Day neutral strawberry plants

Growing Day-Neutral Strawberries

What are “day-neutral” strawberries? Do they have different requirements from regular June-bearers?

Day-neutral strawberries, also called “ever-bearing” strawberries, flower and fruit when temperatures are between 35 and 85 degrees Fahrenheit. So instead of picking a single large crop of strawberries in June, you’ll pick smaller amounts of berries (and smaller berries, usually about 1 inch in size) over a longer period of time. That’s a nice benefit if you prefer fresh berries to preserved berries, for which you generally want a larger crop all at once.

Compared with June-bearers, day-neutral strawberry varieties also produce fewer runners and are a little easier to manage in the garden. Use the “hill system” when planting them in the ground: Make mounds of soil about 8 inches high by 24 inches wide and as long as you like. Within each hill, set plants in double rows, spacing the plants about 12 inches apart in a staggered pattern. Mulch the bed with straw to prevent weed growth and retain soil moisture. Remove all plant runners that appear the first year.

The roots of day-neutral strawberry plants don’t grow deep, so provide at least 1 inch of water per week during the growing season. In late fall, replenish straw mulch to a depth of at least 2 inches, covering the crowns of the plants. Pull back the mulch in spring, after temperatures have risen above freezing, to expose the crowns and encourage new growth.

Because day-neutral varieties usually bear fruit the year they’re planted, they can be grown as an annual crop. If you’re establishing a perennial bed, however, remove all flower buds that form before July 1 in the plants’ first year to help them become better established. Check with your county extension office for recommended varieties for your area.


— Vicki Mattern, Contributing Editor

Above: Day-neutral strawberries are smaller and easier to manage than June-bearers..

Photo Courtesy Dreamstime/Tamara Muldoon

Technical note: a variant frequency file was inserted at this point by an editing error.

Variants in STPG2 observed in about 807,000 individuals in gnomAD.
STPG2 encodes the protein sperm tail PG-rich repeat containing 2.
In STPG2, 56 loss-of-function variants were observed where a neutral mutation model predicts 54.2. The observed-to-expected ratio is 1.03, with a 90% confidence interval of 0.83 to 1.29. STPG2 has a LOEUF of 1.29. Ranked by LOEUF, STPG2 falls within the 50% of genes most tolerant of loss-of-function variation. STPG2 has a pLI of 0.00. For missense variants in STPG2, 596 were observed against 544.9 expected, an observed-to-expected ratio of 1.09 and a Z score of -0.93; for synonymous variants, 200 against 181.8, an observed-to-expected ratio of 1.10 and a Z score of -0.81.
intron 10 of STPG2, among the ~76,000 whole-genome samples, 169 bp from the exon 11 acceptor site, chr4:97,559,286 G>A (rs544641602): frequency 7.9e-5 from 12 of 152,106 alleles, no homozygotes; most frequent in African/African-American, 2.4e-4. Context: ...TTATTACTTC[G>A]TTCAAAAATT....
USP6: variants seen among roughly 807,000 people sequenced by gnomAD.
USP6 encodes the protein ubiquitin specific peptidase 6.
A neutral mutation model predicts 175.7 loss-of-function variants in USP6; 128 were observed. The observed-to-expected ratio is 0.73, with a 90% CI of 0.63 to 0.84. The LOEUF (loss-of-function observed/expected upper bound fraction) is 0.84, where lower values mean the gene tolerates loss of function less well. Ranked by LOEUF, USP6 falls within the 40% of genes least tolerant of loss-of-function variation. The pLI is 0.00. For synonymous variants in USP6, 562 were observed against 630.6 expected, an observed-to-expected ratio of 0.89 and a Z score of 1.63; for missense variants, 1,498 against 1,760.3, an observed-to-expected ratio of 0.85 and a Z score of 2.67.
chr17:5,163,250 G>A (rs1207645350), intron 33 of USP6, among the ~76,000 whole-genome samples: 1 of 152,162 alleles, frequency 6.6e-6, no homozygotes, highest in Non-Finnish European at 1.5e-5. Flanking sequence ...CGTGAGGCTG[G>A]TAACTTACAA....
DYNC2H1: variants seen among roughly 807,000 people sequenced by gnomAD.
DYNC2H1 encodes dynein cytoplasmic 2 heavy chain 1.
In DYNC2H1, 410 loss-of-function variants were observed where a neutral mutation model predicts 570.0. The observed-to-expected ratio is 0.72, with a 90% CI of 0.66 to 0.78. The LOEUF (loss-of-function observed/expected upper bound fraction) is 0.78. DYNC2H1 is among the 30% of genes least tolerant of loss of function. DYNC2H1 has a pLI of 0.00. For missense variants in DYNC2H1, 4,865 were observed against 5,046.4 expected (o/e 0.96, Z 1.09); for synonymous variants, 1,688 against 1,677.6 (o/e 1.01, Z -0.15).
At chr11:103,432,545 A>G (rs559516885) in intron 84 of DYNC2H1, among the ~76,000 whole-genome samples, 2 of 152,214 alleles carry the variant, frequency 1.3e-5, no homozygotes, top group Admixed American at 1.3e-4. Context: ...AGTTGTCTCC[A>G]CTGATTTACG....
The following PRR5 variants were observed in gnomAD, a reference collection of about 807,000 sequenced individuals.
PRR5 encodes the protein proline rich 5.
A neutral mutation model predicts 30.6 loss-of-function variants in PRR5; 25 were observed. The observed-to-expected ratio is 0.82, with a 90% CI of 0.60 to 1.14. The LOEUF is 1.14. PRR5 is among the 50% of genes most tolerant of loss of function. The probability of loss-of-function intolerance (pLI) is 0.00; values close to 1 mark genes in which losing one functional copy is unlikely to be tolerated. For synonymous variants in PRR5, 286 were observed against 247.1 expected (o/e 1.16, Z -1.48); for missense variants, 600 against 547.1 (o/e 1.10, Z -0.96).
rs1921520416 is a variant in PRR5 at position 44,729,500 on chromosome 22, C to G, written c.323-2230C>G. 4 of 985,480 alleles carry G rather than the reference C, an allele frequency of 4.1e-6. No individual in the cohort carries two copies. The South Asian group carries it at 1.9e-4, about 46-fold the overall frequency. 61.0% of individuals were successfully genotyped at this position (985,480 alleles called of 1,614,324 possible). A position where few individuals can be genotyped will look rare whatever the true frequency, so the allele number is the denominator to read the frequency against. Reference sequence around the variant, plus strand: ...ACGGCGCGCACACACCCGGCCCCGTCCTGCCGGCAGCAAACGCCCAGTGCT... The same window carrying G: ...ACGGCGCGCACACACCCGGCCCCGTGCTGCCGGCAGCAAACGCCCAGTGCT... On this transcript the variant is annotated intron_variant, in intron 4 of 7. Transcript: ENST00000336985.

Vicki Mattern is a contributing editor for MOTHER EARTH NEWS magazine, book editor and freelance magazine writer. She has edited or co-authored seven books on gardening, and lives and works from her home in northwestern Montana. You can find Vicki on Google+.

How should I propagate day neutral strawberries which don’t develop runners?

I just planted a Seascape Strawberry plant, which is day-neutral. According to Home Guides, day-neutral strawberries do not produce runners.

Developed at the University of California, Seascape strawberry, (Fragaria x ananassa) produces a high yield of large, firm, flavorful berries. Seascape is a day-neutral variety, which means that unlike June-bearing strawberries that produce berries in June and July, day-neutral varieties produce fruit throughout summer and into autumn, as long as temperatures are between 35 and 85 degrees Fahrenheit. Day-neutral strawberries do not develop runners. Seascape strawberry is suitable for growing in U.S. Department of Agriculture growing zones 3 through 9.

How would I propagate my Seascape strawberries if the typical way of propagating via runners is not an option?

I looked at my plant and verified that it does not have runners. Since Seascape strawberry’s leaves are humungous, it would be easy to spot the runners, which have small leaves at the tip. No small leaves were seen.

Photo from Sakuma Bros.


My Seascape has been producing runners like crazy. This photo was taken just a week after asking my question.

I don’t have any recent photos, but since then I have been able to create around 10 new daughter plants. Even the daughters sent out their own runners, but I snipped theirs off. Don’t want any teenage pregnancy, now do we?